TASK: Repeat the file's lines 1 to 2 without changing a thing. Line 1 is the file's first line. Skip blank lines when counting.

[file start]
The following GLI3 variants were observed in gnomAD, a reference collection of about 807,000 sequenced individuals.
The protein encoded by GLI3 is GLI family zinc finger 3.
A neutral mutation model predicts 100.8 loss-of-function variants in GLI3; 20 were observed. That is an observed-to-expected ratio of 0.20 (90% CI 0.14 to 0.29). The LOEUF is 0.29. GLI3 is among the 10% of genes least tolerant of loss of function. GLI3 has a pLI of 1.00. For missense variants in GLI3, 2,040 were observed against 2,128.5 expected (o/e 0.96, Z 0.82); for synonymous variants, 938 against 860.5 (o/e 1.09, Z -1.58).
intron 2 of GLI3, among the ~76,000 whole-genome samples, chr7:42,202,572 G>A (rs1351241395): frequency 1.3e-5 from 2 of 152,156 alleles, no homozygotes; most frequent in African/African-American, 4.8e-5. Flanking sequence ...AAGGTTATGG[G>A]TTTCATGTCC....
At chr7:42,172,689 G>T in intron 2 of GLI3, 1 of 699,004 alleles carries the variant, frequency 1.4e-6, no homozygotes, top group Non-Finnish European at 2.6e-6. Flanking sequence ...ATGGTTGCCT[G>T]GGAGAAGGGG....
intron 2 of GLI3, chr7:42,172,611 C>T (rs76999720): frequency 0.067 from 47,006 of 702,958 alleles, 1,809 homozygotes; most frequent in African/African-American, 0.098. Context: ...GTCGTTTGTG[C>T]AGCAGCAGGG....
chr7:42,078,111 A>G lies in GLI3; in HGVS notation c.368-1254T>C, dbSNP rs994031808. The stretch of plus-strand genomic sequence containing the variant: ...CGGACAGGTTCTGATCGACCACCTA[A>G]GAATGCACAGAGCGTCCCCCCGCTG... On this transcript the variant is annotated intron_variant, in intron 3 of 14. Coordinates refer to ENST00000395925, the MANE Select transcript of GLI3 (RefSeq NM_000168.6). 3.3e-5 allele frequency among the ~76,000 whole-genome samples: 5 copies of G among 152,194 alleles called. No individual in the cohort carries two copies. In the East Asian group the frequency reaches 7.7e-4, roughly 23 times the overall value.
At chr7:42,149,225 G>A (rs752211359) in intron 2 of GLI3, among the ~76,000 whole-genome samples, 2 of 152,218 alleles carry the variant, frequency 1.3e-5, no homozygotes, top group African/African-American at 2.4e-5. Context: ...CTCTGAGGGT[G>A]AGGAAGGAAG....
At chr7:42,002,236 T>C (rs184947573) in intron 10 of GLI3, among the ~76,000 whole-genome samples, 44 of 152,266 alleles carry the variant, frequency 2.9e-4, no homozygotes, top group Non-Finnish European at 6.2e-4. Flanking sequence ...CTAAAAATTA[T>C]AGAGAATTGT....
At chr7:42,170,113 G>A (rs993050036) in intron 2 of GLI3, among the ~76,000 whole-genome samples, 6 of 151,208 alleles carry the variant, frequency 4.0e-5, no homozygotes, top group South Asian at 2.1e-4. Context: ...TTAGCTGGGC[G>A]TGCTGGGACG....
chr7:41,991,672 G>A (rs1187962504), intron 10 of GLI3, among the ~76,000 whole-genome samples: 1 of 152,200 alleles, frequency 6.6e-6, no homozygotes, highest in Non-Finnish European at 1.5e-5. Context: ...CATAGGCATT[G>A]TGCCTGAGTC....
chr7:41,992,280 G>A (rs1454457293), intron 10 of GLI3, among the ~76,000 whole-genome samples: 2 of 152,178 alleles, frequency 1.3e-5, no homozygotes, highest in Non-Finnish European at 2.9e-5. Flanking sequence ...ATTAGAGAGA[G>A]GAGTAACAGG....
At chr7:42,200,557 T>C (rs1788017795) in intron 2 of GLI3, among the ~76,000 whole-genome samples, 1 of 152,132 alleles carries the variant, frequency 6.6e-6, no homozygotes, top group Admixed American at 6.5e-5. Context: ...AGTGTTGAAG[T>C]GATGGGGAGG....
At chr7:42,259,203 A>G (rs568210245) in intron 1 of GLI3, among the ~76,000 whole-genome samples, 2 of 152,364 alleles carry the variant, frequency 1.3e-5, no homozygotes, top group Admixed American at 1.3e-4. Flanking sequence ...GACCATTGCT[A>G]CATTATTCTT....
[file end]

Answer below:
The following GLI3 variants were observed in gnomAD, a reference collection of about 807,000 sequenced individuals.
The protein encoded by GLI3 is GLI family zinc finger 3.